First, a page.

A Treatise on Ordnance and Armor; Embracing Descriptions, Discussions, and Professional Opinions Concerning the Material, Fabrication, Requirements, Capabilities, and Endurance of European and American Guns for Naval, Sea-Coast, and

A Treatise on Ordnance and Armor; Embracing Descriptions, Discussions, and Professional Opinions Concerning the Material, Fabrication, Requirements, Capabilities, and Endurance of European and American Guns for Naval, Sea-Coast, and

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This historic book may have numerous typos and missing text. Purchasers can download a free scanned copy of the original book (without typos) from the publisher. Not indexed. Not illustrated. 1865 edition. Excerpt: ... size. It is, unlike the other metals, capable of great variation in density, by the simple processes of hardening and annealing, and, therefore, of being adapted to the different degrees of elongation that it is subjected to, in either solid or built-up guns. 5. Bronze has greater ultimate tenacity than cast iron, but it has little more elasticity, and less homogeneity; it has a high degree of ductility, but it is the softest of cannon-metals, and is injuriously affected by the heat of high charges. The other alloys of copper are very costly, and their endurance, under high charges, is not determined. 6. In view of the duty demanded of modern guns, simple cast iron is too weak, although it can be used to advantage for jackets over steel tubes--a position where mass, small extensibility, and the cheap application of the trunnions and other projections, are the chief requirements. And, although cast-iron barrels, hooped with the best high wrought iron, and with low steel, cannot fulfil all the theoretical conditions of strength, and do not endure the highest charges, they have thus far proved trustworthy and efficient. Wrought iron, in large masses, cannot be trusted, and is, in all cases, too soft. Bronze is impracticably soft and destructible by heat. Low steel is, therefore (possibly in connection with cast iron, as stated above), by reason of the associated qualities which may be called strength and toughness, the only material from which we can hope to maintain resistance to the high pressures demanded in modern warfare. CHAPTER V. Rifling And Projectiles. Standard Forms And Practice Described. S09. The first comprehensive experiment with rifled cannon appears to have been made in Russia, about 1836, and consisted in firing 1800 rounds from a...show more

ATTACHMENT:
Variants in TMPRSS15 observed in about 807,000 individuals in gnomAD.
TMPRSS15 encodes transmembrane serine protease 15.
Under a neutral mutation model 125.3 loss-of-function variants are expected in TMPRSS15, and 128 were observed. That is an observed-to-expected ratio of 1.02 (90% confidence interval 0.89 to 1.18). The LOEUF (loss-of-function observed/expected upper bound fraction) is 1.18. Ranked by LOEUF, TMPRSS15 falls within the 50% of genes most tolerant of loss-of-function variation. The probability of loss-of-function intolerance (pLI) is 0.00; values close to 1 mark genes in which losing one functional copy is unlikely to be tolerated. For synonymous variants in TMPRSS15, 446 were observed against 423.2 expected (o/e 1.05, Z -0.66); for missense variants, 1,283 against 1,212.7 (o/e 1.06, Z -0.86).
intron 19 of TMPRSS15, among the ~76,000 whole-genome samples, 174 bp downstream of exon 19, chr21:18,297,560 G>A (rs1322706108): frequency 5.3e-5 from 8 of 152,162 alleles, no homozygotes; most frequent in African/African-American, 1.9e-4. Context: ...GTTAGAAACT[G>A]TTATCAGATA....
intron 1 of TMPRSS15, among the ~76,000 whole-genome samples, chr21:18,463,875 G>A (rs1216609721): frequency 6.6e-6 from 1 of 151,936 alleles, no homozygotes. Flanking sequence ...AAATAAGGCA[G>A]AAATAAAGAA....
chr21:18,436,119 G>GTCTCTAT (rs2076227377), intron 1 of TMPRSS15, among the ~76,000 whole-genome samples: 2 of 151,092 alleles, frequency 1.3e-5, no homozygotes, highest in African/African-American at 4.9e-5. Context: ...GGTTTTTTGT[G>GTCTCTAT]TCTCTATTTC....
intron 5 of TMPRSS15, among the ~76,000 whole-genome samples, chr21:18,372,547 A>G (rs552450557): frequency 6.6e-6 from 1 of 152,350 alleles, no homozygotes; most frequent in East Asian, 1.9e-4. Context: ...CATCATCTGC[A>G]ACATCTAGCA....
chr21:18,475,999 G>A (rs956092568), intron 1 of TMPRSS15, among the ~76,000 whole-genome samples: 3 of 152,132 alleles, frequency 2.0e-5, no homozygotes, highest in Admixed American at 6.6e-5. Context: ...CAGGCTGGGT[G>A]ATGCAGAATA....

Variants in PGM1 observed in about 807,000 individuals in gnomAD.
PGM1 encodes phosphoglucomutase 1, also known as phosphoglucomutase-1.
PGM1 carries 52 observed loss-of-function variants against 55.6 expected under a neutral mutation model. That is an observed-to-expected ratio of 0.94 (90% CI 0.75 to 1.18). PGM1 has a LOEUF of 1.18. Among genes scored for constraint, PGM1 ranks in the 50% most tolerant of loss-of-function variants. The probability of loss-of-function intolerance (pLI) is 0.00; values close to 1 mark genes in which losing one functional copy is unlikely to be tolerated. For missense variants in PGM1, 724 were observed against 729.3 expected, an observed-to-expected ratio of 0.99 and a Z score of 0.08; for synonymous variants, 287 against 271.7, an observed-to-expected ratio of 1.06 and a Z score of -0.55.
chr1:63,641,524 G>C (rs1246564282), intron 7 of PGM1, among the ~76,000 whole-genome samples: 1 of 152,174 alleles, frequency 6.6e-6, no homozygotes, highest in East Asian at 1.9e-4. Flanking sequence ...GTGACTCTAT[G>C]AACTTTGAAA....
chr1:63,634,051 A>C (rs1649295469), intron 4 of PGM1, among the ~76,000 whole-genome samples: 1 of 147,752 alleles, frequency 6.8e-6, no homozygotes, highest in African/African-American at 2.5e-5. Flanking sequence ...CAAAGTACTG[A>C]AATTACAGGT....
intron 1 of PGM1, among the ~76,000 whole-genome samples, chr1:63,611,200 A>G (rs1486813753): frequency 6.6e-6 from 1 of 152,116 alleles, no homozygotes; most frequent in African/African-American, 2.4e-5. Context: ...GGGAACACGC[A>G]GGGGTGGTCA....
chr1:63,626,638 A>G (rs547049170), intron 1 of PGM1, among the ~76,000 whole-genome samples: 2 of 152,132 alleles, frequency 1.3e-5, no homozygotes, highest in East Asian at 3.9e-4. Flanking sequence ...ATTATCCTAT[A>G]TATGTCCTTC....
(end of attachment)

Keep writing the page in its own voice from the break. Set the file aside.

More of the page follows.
Product details

  • Paperback | 258 pages
  • 189 x 246 x 14mm | 467g
  • Rarebooksclub.com
  • Miami Fl, United States
  • English
  • black & white illustrations
  • 1236598733
  • 9781236598738